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(NEW YORK) – A California mother whose son was fatally shot in 2019 by police during a mental health crisis has teamed up with local officials to create a mobile task force to help those struggling. with mental illness.
Taun Hall’s son, Miles, began showing signs of possible mental illness during his teenage years. He will later be diagnosed with schizoaffective disorder, and as his symptoms progress, Hall becomes concerned for Miles’ safety.
The fears weren’t unfounded: People with severe, untreated mental illness are 16 times more likely to be killed by police, according to Treatment Advocacy Center, an Arlington, Va.-based nonprofit. Hall also worried about Miles as a black man, which made him three times more likely than white people to be killed by law enforcement, according to a study by Harvard researchers TH Chan. School of Public Health.
Hall contacted law enforcement in his neighborhood of Walnut Creek, an affluent suburb a few miles from San Francisco, to alert them to his son’s mental health issues. She also worked with her local mental health worker to open a channel of communication.
“I was trying to be preemptive,” Hall said. “I was trying to sort things out before there was a problem.”
Miles’ condition worsened in 2019; he began to have delusions and sometimes called himself “Jesus”. But he was 23, legally an adult, and Hall couldn’t force him to get help.
“You see your child going down a sort of mental health spiral…you can see the deterioration, but there’s nothing you can do to help.”
When Hall saw Miles’ symptoms worsening, she contacted the mental health worker she worked with to help Miles. Hall left a message for him and called the local police department’s non-emergency line, trying to alert them to Miles’ condition in case his son encountered law enforcement. “I was like, ‘OK, if they know him, they’re going to respond with care and compassion.'”
The next day, Miles was gardening with his grandmother. A neighbor lent Miles a gardening tool, a long metal rod that looked like a crowbar. Miles started walking around with the rod, calling it his “god stick”. He was walking around, saying he was Jesus, when he used the metal rod to smash a sliding glass door in the family home, Hall said.
Miles entered the house and asked Hall and her husband to leave. They did, in an effort to defuse the situation, and Hall called 911. Hall told the 911 operator that Miles had a metal rod.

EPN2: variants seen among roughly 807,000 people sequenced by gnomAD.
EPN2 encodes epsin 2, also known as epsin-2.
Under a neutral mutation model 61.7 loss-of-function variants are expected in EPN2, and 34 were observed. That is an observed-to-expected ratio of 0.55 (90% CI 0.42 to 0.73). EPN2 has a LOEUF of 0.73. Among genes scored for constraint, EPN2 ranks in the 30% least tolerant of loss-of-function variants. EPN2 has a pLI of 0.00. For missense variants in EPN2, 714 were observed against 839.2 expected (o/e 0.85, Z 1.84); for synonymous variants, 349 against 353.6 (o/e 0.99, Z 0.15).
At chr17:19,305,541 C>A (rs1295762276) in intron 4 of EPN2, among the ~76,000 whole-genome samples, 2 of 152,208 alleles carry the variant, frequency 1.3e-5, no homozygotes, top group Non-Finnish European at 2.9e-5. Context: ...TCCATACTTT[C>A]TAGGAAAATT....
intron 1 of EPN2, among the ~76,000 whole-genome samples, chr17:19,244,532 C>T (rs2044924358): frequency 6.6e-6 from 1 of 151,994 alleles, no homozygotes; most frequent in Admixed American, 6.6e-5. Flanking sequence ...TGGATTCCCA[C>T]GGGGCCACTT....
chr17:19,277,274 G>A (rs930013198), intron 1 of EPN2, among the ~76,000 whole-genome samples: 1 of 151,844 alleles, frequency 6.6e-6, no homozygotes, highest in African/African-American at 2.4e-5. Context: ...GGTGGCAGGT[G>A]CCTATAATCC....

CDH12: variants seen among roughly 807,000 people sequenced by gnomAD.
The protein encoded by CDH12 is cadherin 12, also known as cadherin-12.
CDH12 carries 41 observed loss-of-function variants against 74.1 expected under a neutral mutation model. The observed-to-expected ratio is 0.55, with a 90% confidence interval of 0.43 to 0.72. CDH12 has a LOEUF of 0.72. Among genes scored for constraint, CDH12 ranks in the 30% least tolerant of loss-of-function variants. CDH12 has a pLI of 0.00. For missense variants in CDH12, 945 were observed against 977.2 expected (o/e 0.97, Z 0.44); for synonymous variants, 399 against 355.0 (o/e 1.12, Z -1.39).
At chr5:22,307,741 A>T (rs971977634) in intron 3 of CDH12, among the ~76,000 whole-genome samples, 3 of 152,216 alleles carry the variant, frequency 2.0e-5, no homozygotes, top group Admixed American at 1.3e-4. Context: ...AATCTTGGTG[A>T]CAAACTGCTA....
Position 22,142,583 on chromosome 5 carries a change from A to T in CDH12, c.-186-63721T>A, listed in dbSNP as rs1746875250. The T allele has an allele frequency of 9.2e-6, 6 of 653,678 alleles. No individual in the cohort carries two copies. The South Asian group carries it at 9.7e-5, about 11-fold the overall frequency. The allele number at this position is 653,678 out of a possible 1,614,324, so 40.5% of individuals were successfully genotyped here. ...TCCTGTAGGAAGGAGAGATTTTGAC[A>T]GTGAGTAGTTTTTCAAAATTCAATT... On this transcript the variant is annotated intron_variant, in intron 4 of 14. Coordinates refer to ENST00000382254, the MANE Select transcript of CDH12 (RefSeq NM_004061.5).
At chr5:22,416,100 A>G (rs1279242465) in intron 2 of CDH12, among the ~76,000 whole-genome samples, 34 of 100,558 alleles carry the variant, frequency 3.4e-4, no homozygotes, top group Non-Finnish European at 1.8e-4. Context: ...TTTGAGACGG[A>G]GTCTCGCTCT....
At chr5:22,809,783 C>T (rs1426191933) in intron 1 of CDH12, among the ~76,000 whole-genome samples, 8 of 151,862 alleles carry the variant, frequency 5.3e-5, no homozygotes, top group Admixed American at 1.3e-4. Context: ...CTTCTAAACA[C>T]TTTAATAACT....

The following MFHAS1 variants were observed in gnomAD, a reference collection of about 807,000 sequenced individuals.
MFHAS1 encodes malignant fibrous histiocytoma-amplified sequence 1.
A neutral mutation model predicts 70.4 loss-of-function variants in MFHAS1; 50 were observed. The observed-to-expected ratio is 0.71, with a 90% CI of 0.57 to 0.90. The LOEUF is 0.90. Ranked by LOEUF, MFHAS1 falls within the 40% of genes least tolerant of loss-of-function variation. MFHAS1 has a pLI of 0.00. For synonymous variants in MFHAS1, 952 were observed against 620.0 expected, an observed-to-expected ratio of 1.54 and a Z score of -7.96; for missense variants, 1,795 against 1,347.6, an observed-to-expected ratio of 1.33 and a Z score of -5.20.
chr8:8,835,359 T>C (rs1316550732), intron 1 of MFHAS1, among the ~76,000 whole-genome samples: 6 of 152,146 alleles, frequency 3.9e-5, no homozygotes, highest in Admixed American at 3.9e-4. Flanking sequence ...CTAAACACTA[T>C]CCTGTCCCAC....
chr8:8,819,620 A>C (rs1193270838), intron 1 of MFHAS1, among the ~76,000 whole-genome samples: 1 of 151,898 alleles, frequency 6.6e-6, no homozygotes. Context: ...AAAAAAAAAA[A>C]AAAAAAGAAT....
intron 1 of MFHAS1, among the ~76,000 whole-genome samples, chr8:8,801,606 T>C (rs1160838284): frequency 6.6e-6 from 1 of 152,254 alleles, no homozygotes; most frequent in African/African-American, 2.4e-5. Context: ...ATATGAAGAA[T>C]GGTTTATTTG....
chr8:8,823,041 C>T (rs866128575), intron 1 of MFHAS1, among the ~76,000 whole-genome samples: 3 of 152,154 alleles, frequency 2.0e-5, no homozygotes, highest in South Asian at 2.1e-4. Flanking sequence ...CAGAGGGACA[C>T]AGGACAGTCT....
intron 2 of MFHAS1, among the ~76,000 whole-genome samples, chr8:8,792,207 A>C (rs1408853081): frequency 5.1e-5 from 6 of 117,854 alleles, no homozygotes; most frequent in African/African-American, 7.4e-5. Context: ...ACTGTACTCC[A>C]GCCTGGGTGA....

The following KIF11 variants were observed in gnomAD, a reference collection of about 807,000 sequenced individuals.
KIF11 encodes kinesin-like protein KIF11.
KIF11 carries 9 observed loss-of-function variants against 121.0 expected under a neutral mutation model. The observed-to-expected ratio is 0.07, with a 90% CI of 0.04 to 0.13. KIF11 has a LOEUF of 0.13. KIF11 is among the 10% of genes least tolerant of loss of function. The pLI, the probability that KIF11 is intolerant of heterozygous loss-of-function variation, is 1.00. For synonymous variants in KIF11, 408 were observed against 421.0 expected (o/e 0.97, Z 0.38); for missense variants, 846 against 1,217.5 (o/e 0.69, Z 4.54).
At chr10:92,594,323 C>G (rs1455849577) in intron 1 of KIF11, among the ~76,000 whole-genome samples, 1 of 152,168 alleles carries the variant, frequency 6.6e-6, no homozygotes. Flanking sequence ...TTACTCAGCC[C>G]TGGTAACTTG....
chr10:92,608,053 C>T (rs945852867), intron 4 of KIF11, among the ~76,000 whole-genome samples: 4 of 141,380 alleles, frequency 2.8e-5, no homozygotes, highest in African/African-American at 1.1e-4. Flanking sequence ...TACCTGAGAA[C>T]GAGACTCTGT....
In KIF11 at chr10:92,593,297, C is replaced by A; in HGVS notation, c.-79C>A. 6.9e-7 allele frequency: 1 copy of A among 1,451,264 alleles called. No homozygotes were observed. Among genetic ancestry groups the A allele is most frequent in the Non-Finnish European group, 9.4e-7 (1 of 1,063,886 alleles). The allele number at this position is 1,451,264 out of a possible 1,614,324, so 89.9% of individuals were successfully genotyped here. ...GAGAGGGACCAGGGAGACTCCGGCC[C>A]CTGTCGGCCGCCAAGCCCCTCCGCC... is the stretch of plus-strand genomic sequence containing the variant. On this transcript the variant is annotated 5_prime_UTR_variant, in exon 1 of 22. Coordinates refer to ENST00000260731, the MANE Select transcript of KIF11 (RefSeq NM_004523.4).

About 10 minutes later, a neighbor called to tell Hall that Miles had been shot. According to police reports, officers responded to multiple calls that afternoon, not just Hall’s call.
Miles had knocked on a neighbor’s door and several residents called the police. Police footage shows officers calling Miles by name, yelling at him to “stop” as he approached them, clutching the metal rod. Despite their orders, Miles continued to advance. Next, officers fired a beanbag, intended to arrest a suspect but not cause permanent damage. When this did not stop Miles, officers shot him repeatedly with their handguns, killing him.
“The worst time of, you know, our lives was right then, right there.”
An internal investigation cleared the officers of any wrongdoing.
In the years since her son’s death, Hall has worked with Congresswoman Rebecca Bauer-Kahan to try to prevent other families from experiencing the same tragedy. Hall realized that what would have been useful to him was to have someone to call who was not the police. “We needed a different number to call. We needed a different answer.
The replacement of police with mobile response units to respond to low-level calls — like those about mental health — is happening in many cities across the country. Oakland, Calif., began testing a pilot program in April. The new task force, called MACRO – Mobile Assistance Community Responders of Oakland – was created to provide a first response option separate from the police.
Oakland residents can access the task force by calling 911 and being connected to a special MACRO dispatch center. The working group’s interactions with the public come from what they call “on-sight” calls. These take place when the team sees someone who may be in need of help and offer basic medical care and resources.
“If someone is in need and you can see them, you can stop and help them,” said program manager Elliott Jones. “And even if you just give them a bottle of water and sit them up straight, maybe that’s more compassion they have and god knows how long.”
Each MACRO team has an EMT, a crisis response specialist and a van full of supplies. The team doesn’t just deal with low-level mental health issues. It also helps with homelessness, public intoxication, and behavioral issues, among others.
Hall worked with Bauer-Kahan on a bill to expand funding for mental health services in California and Governor Gavin Newsom signed the bill in late September, blocking an 8-year roadmap to fund units crisis mobiles across California.
Accessible through the national suicide and crisis line — 988 — these services will connect users with crisis intervention specialists, counselors and peer helpers. Hall says that’s the answer that might have helped his son.
“I can never pick up a phone call,” Hall said, referring to the 911 call she made the day her son was killed. “I can never take back the officer who shot him…but I can take my pain as my goal and make sure it doesn’t happen to someone else.”
If you are experiencing suicidal, substance abuse or other mental health crises, please call or text 988 Suicide & Crisis Lifeline. You will reach a qualified crisis counselor free of charge, 24 hours a day, seven days a week. You can also go to 988lifeline.org.
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